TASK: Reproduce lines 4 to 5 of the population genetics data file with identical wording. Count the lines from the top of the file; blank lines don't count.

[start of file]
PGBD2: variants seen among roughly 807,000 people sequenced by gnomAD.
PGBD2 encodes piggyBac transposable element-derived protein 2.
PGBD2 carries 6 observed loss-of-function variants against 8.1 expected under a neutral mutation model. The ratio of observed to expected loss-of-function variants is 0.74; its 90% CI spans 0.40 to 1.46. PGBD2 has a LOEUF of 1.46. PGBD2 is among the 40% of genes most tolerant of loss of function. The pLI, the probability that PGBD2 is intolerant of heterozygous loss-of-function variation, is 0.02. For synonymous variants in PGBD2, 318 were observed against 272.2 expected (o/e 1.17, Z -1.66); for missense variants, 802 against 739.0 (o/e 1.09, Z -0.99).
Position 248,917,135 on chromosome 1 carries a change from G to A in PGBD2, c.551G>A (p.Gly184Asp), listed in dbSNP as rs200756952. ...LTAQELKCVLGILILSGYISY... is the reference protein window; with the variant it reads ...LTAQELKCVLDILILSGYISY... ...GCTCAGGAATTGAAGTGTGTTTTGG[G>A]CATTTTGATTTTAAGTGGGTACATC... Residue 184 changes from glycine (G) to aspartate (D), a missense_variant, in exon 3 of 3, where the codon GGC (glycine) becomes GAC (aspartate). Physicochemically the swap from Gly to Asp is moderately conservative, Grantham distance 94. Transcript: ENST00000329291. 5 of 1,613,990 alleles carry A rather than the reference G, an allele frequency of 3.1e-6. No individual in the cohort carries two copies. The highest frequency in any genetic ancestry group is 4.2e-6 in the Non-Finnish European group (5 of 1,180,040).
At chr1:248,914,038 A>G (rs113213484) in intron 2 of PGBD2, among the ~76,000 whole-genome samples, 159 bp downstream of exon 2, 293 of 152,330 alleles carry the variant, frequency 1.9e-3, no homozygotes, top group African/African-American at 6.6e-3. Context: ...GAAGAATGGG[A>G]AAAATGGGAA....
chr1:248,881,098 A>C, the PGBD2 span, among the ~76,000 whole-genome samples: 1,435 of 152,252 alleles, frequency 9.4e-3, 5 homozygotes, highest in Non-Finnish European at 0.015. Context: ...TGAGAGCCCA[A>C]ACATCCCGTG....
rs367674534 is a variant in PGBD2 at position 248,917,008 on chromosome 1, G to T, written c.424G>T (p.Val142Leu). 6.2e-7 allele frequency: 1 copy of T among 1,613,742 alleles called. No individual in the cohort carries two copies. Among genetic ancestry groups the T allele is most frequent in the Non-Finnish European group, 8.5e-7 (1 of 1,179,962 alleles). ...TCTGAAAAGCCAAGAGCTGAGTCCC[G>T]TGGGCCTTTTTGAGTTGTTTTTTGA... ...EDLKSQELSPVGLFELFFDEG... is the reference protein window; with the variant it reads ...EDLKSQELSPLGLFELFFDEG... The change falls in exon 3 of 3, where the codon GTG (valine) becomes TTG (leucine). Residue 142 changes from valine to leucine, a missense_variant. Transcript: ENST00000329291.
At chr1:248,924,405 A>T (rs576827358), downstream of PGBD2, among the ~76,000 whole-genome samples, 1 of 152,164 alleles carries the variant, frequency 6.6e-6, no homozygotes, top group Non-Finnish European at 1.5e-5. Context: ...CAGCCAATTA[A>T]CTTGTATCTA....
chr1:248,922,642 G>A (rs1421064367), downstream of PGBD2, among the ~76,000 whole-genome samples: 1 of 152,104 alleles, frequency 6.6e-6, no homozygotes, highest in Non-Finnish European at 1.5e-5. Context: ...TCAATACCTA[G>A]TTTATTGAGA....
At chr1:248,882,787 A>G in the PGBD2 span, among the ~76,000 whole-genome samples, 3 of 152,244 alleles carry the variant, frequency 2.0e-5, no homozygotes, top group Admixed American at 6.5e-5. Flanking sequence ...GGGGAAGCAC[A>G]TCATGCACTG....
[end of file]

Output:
Position 248,917,135 on chromosome 1 carries a change from G to A in PGBD2, c.551G>A (p.Gly184Asp), listed in dbSNP as rs200756952. ...LTAQELKCVLGILILSGYISY... is the reference protein window; with the variant it reads ...LTAQELKCVLDILILSGYISY... ...GCTCAGGAATTGAAGTGTGTTTTGG[G>A]CATTTTGATTTTAAGTGGGTACATC... Residue 184 changes from glycine (G) to aspartate (D), a missense_variant, in exon 3 of 3, where the codon GGC (glycine) becomes GAC (aspartate). Physicochemically the swap from Gly to Asp is moderately conservative, Grantham distance 94. Transcript: ENST00000329291. 5 of 1,613,990 alleles carry A rather than the reference G, an allele frequency of 3.1e-6. No individual in the cohort carries two copies. The highest frequency in any genetic ancestry group is 4.2e-6 in the Non-Finnish European group (5 of 1,180,040).
At chr1:248,914,038 A>G (rs113213484) in intron 2 of PGBD2, among the ~76,000 whole-genome samples, 159 bp downstream of exon 2, 293 of 152,330 alleles carry the variant, frequency 1.9e-3, no homozygotes, top group African/African-American at 6.6e-3. Context: ...GAAGAATGGG[A>G]AAAATGGGAA....